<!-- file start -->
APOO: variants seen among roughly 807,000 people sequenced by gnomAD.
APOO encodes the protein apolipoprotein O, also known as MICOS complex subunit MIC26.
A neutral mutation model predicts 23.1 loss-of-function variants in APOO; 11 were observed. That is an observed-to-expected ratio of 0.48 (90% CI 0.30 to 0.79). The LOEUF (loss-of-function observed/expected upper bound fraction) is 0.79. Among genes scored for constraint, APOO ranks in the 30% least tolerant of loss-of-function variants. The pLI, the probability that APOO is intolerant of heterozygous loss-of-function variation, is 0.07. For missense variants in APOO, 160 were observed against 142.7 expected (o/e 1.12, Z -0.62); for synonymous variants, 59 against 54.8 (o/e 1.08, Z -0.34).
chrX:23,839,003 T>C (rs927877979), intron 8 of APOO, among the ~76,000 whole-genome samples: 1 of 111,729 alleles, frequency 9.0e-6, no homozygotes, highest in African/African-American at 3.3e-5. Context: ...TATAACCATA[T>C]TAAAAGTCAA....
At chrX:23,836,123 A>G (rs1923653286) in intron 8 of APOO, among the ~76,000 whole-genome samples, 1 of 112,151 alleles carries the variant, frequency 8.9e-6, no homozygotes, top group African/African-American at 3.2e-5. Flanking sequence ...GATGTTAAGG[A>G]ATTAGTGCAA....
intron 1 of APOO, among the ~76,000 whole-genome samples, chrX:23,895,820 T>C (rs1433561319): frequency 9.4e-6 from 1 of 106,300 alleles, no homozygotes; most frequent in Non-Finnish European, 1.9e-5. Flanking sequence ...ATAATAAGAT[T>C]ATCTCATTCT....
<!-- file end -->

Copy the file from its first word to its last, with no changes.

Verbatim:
APOO: variants seen among roughly 807,000 people sequenced by gnomAD.
APOO encodes the protein apolipoprotein O, also known as MICOS complex subunit MIC26.
A neutral mutation model predicts 23.1 loss-of-function variants in APOO; 11 were observed. That is an observed-to-expected ratio of 0.48 (90% CI 0.30 to 0.79). The LOEUF (loss-of-function observed/expected upper bound fraction) is 0.79. Among genes scored for constraint, APOO ranks in the 30% least tolerant of loss-of-function variants. The pLI, the probability that APOO is intolerant of heterozygous loss-of-function variation, is 0.07. For missense variants in APOO, 160 were observed against 142.7 expected (o/e 1.12, Z -0.62); for synonymous variants, 59 against 54.8 (o/e 1.08, Z -0.34).
chrX:23,839,003 T>C (rs927877979), intron 8 of APOO, among the ~76,000 whole-genome samples: 1 of 111,729 alleles, frequency 9.0e-6, no homozygotes, highest in African/African-American at 3.3e-5. Context: ...TATAACCATA[T>C]TAAAAGTCAA....
At chrX:23,836,123 A>G (rs1923653286) in intron 8 of APOO, among the ~76,000 whole-genome samples, 1 of 112,151 alleles carries the variant, frequency 8.9e-6, no homozygotes, top group African/African-American at 3.2e-5. Flanking sequence ...GATGTTAAGG[A>G]ATTAGTGCAA....
intron 1 of APOO, among the ~76,000 whole-genome samples, chrX:23,895,820 T>C (rs1433561319): frequency 9.4e-6 from 1 of 106,300 alleles, no homozygotes; most frequent in Non-Finnish European, 1.9e-5. Flanking sequence ...ATAATAAGAT[T>C]ATCTCATTCT....